The probability of a major escalation over the latest proxy Middle Eastern civil war just escalated substantially.
While it has been widely reported that the United States has been accelerating its weapons supply to the Saudi-led coalition striking rebels in Yemen as a sign of how foreign powers are deepening their involvement in the conflict, the biggest regional backer of the Houthi rebels, the state of Iran, had been mostly inert. Until this morning, when as AP reports, Iran dispatched a naval destroyer and another vessel Wednesday to waters near Yemen.
According to Iran's English-language state broadcaster Press TV, the official reason for the mini flotilla is a peacekeeping mission meant to deter piracy. It quoted Rear Adm. Habibollah Sayyari as saying the ships would be part of an anti-piracy campaign "safeguarding naval routes for vessels in the region." The real reason has nothing to do with pirates and everything to do with showing that there is another interest party in a conflict that until now has seen unilateral involvement mainly by the Saudi-led and US supported Gulf Arab air campaign targeting the Yemeni rebels, known as Houthis.
As for the topic of US support, speaking a day earlier in the Saudi capital, Riyadh, U.S. Deputy Secretary of State Antony Blinken blamed the violence in Yemen on the Houthis, and forces loyal to former President Ali Abdullah Saleh, saying that the U.S. is committed to defending Saudi Arabia.
"We have expedited weapons deliveries, we have increased our intelligence sharing, and we have established a joint coordination and planning cell in the Saudi operations center," he said in a statement to reporters after meeting with Saudi royals and Yemen's President Abed Rabbo Mansour Hadi, who fled his country amid rebel advances.
Ironically, the U.S. said that the chaos has allowed the local al-Qaida branch, which it considers the world's most dangerous wing of the group, to make "great gains" on the ground, causing Washington to rethink how it prevents it from launching attacks in the West.
"Ironic", because as reported previously, it was the US' own hasty departure from the Houthi overrun country that provided $500 millions of dollars in "misplaced" modern weaponry and supplies to these same rebels.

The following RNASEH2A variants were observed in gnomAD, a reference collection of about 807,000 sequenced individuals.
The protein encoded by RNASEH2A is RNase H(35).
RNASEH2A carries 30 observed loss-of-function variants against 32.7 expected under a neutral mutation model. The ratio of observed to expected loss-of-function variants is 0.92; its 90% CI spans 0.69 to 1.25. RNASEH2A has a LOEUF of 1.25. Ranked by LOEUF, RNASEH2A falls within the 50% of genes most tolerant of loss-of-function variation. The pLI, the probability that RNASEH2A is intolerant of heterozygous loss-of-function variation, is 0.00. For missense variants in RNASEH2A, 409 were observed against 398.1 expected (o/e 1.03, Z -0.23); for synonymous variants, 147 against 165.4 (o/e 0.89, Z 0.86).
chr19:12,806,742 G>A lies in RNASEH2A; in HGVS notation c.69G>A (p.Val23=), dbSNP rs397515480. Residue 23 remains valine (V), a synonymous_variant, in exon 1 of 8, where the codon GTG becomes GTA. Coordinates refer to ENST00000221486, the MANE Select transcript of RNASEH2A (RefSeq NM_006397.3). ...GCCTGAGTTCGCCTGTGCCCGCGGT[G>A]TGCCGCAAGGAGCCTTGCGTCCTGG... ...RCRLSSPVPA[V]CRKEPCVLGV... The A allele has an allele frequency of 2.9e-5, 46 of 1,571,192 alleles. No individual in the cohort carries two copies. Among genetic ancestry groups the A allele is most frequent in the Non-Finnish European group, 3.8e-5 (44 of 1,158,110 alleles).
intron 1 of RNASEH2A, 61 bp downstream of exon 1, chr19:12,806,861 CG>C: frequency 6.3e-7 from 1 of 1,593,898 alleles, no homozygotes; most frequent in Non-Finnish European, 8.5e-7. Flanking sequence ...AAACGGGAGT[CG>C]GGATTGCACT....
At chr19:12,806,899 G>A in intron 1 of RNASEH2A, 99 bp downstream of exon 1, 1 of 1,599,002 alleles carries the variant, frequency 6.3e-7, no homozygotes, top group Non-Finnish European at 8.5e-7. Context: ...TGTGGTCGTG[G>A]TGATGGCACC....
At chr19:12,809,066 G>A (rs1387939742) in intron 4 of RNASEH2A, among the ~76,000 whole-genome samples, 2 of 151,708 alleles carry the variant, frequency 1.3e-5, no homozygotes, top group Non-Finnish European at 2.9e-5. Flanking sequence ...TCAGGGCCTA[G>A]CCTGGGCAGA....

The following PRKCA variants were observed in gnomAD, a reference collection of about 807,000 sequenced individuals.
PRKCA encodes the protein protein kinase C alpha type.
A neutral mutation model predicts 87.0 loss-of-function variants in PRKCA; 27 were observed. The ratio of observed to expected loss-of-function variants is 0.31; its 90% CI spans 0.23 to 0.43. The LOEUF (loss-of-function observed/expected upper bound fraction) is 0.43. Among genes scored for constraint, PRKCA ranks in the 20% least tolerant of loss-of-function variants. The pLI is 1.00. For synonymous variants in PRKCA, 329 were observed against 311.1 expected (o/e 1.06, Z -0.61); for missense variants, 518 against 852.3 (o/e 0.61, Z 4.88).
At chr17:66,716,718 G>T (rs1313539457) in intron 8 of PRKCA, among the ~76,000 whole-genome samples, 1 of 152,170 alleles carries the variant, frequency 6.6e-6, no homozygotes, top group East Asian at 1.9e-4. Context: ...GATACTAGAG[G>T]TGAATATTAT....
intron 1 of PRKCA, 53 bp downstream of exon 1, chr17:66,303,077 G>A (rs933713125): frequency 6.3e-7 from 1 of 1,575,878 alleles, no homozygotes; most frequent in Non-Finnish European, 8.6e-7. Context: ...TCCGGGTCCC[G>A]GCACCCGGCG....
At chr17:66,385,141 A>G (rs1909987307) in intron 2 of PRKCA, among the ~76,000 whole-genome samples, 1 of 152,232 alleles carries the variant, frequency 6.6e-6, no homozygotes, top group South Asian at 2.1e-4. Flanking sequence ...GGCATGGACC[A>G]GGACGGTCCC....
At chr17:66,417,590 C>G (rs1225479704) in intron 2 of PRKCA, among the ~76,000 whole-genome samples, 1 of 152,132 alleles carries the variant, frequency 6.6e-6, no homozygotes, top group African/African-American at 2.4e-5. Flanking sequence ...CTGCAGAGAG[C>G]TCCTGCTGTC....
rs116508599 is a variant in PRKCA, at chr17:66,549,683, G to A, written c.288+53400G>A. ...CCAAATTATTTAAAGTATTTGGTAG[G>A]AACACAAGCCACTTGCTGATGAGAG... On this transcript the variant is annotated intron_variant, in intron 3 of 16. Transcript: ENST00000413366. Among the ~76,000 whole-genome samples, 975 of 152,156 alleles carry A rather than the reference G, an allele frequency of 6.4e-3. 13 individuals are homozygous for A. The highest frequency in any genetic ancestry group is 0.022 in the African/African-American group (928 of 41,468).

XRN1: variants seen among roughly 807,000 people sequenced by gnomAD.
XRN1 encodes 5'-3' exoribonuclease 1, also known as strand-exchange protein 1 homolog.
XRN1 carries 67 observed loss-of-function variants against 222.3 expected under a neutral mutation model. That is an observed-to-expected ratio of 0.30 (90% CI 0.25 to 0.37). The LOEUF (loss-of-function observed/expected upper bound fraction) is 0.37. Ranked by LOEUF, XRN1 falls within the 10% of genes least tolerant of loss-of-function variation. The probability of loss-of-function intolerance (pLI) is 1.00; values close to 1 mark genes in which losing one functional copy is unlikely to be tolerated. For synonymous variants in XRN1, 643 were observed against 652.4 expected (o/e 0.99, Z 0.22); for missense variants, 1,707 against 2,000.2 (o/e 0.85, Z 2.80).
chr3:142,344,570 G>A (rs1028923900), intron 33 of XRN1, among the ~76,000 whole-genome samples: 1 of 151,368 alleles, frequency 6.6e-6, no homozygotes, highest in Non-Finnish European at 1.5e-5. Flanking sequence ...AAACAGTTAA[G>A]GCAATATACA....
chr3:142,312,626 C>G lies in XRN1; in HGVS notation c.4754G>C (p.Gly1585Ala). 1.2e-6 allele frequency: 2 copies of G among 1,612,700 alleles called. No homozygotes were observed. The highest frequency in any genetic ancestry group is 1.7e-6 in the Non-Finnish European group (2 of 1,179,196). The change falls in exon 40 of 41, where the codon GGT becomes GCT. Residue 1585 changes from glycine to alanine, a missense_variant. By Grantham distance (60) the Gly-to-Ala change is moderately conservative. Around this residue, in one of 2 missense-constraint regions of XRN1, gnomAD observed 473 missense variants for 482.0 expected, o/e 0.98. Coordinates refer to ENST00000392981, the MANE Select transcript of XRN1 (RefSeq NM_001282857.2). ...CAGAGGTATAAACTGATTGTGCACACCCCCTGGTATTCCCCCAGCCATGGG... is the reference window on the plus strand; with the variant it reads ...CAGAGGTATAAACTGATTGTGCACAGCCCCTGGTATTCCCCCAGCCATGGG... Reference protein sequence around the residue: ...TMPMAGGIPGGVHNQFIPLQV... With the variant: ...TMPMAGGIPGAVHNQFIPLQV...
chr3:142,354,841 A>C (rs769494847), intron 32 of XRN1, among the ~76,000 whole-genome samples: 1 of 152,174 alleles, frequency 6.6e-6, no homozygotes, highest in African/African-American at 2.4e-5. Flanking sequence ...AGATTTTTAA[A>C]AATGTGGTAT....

That was the US side of things. Here is Iran's via Press TV:
The 34th fleet of the Iranian Navy has left for the Gulf of Aden and Bab al-Mandab Strait in line with the country’s policy of safeguarding naval routes for vessels in the region.
The flotilla, which comprises the Bushehr logistic vessel and Alborz destroyer, left Iran’s southern port city of Bandar Abbas on Wednesday, Navy Commander Rear Admiral Habibollah Sayyari said on the sidelines of a ceremony to deploy the fleet.
The Alborz destroyer shown here in a Feb. 21, 2010 file photo.
More from Press TV:
The commander said that the 34th Fleet is sent on a mission “to provide [safety for] Iran’s shipping lines and protect the Islamic Republic of Iran’s interests in the high seas.” Sayyari said that the flotilla also seeks to ensure safety for the vessels against pirates.
The Navy observes international law while conducting its mission in the north of the Indian Sea with full power, the commander stressed.
In recent years, Iran’s Navy has increased its presence in international waters to protect naval routes and provide security for merchant vessels and tankers.
In line with international efforts against piracy, the Iranian Navy has also been conducting patrols in the Gulf of Aden since November 2008 in order to safeguard merchant containers and oil tankers owned or leased by Iran or other countries.
Iran’s Navy has managed to foil several attacks on both Iranian and foreign tankers during its missions in international waters.
As Al-Arabia adds, "Iran has condemned the campaign and called for dialogue. Saudi Arabia accuses Iran of providing military support to the Houthis, a charge the Islamic Republic denies. The Iranian ships will patrol the Gulf of Aden, south of Yemen, and the Red Sea, Sayyari said. The area is one of the world's most important shipping routes and a gateway between Europe and the Middle East."
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And now the punchline: as the following Naval update map shows, the two Iran warships will now be located in the immediate vicinity of not only two US aircraft carriers, CVN-71 Teddy Roosevelt and CVN-70 Vinson, but well as the big-deck amphibious warship Iwo Jima which as reported before is providing marine support should the situation demand it.
All of this means the odds of a naval "accident" involving one or more warships in the Red Sea just went up substantially.